When it comes to teenagers, there are many behaviors that parents might find troubling or confusing. In some cases, these behaviors are normal and simply a teen’s reaction to hormone surges and the emotional moodiness that often goes along with adolescence. Other times, however, these new or increasing behaviors and quirks can be warning signs of mental illness. If you’re curious about your teen’s behavior, read through this list of seven often overlooked warning signs of mental illness. Keep in mind that many of these can be a normal part of development and not something to worry about. However, if you have concerns about your teen’s behavior, be sure to check with your child’s primary care doctor or mental health counselor to find out if further evaluation is warranted.
When children are young, they often worry about things like monsters and spiders. As they get older, their worries and fears change, and this is normal. Your teen might feel stressed when they have to give a report in front of the class. He or she might be worried on the first day of school or the first day of a new job. Many teens also have worries about their future or about their safety in certain situations.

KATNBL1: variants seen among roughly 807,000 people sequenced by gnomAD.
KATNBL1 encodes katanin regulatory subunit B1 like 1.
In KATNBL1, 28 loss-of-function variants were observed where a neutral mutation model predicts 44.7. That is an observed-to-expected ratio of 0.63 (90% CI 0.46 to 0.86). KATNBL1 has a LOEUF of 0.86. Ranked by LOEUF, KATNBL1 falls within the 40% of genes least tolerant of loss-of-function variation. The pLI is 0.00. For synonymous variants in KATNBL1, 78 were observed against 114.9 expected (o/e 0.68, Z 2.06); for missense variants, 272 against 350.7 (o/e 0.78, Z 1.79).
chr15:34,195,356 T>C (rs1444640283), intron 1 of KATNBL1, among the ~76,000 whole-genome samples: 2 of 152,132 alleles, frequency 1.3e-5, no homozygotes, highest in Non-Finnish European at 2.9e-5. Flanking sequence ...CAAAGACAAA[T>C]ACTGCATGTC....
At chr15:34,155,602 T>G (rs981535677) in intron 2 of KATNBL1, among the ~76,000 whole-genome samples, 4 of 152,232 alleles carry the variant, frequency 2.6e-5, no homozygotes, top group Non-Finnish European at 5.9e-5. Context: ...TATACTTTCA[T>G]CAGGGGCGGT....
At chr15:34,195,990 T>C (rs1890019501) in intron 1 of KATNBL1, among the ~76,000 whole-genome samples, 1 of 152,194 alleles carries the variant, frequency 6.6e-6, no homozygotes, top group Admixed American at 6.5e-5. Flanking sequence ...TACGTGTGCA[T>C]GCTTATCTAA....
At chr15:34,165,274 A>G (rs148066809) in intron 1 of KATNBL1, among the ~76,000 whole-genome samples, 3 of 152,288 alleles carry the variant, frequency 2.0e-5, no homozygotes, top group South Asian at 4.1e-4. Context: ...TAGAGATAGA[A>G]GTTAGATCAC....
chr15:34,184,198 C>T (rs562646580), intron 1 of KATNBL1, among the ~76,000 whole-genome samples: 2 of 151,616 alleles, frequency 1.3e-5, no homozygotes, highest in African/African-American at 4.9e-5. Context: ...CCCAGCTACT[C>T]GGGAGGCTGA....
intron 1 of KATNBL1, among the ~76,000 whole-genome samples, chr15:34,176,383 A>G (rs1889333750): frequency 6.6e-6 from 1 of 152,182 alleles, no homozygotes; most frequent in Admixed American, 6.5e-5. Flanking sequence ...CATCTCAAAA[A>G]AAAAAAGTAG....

Some amount of worry is normal and can keep your teen safe. Other times, however, it can be a sign of anxiety. If your teen’s worry is severe, if it keeps him or her from doing things that other teens their age take part in, or if it’s affecting them frequently, it’s a sign that should be evaluated by a professional, who can determine if it’s part of an anxiety disorder or other mental health condition.
#2. Alcohol Use
Many teens do eventually experiment with alcohol. Going to a party and trying a beer on an occasional or rare basis is often not a cause for great concern (though it does merit a consequence if it crosses boundaries imposed by the parent). Binge-drinking, however, or drinking regularly are issues that need to be investigated.
Some teens with mental health conditions use alcohol and other substances as a way to self-medicate. If your teen is finding that they can’t be social without drinking or they are drinking a lot in a short period of time, it’s possible that social anxiety, depression, or other types of mental health issues are at play.
#3. Headaches or Stomachaches
Of course everyone occasionally gets a headache or has stomach issues. Some teens will develop migraines or conditions like irritable bowel syndrome. Other teens, however, will have headaches, stomachaches, or other general pains when they are suffering with a mental health condition. Since headaches and stomachaches can be warning signs of mental illness, if your child experiences recurrent pain, it’s important to have a full physical evaluation done to rule out or diagnose physical problems. If nothing is helping and no problem has been found, however, a mental health checkup might be in order. In some cases, a teen can have physical manifestations of :
- drug addiction
- other mental health conditions
#4. Weight Loss